It raised a lot of investment and used the money to go straight to product development and start marketing. There was a lot of initial hype around the product, but the cost to produce and market it was immense, so Juicero was extremely expensive.

A few years into the business, customers realised a crucial flaw in the product’s value proposition. It was a fancy, expensive machine that pressed fruit packets. Yet, on social media, people showed that you could press the packet by hand, making fun of customers who paid for it.

This destroyed Juicero’s reputation and it closed shop in 2017.

How an MVP Approach Could Have Made A Difference

An MVP approach would have highlighted the importance of continued product improvement and developing a stronger value proposition. Starting with a simpler, less expensive version of the machine and getting customer feedback may have allowed Juicero to adjust its product and business model accordingly.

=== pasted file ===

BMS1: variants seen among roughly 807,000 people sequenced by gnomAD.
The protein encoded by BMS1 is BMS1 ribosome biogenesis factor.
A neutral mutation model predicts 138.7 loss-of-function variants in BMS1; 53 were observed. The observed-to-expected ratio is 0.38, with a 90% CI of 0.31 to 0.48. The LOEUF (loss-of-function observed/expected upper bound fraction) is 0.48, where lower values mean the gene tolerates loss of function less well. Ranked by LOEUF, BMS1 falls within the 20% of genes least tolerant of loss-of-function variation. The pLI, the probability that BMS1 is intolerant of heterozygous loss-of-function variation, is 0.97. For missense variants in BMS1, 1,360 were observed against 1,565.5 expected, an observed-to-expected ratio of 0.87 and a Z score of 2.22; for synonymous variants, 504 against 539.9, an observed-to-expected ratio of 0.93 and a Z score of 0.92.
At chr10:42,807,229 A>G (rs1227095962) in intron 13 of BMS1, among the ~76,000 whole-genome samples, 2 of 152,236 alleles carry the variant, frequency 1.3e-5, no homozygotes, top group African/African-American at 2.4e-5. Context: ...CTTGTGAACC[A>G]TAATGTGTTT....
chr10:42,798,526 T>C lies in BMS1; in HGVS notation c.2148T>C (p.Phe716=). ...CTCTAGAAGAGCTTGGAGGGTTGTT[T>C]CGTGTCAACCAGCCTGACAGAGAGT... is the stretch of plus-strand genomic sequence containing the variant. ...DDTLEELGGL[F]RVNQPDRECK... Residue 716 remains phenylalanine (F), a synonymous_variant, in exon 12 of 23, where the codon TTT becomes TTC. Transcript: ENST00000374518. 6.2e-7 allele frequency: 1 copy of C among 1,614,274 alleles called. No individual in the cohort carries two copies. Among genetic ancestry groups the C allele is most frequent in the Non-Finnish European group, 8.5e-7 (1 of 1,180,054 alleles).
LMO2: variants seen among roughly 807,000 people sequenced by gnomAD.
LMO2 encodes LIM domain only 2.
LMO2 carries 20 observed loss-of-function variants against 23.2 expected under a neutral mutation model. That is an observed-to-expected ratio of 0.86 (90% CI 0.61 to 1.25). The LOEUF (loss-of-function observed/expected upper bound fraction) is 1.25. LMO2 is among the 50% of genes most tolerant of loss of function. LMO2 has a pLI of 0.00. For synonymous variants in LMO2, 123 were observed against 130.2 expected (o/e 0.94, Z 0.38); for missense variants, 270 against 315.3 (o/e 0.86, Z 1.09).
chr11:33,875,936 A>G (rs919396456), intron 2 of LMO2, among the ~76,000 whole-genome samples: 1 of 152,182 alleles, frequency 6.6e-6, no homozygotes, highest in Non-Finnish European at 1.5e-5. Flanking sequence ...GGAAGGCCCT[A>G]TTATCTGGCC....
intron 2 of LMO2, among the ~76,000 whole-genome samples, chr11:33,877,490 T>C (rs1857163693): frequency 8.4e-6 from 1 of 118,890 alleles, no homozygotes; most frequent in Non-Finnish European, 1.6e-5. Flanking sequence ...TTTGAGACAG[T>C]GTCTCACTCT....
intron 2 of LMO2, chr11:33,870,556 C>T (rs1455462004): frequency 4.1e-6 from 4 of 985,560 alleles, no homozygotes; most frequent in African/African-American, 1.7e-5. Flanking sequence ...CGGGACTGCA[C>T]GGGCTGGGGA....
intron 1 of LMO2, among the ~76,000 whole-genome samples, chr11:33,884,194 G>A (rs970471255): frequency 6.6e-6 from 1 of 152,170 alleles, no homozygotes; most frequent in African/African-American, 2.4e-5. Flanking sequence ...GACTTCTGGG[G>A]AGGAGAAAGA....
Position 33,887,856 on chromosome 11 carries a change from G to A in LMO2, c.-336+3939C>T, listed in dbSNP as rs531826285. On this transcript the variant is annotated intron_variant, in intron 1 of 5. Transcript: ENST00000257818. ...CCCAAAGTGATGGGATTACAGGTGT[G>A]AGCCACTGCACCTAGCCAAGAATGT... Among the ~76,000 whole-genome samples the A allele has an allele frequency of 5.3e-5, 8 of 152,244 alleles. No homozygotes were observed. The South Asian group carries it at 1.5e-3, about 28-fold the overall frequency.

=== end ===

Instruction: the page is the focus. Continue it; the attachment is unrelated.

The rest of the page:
3. Eletroloom Didn’t Have Its Technology Ready

Also in 2013, startup Electroloom wanted to revolutionise fashion by creating the world’s first home fashion 3D printer. People would be able to design their own clothes and then 3D-print them at home.

Bolstered by its successful initial funding on Kickstarter, Electroloom’s founders raised Venture Capital to expand, but the technology faced significant challenges, including high costs, limitations in fabric types, and complexity in the printing process.

In the end, Electroloom couldn’t resolve the technical problems with the money it had left, and eventually closed its doors in 2016.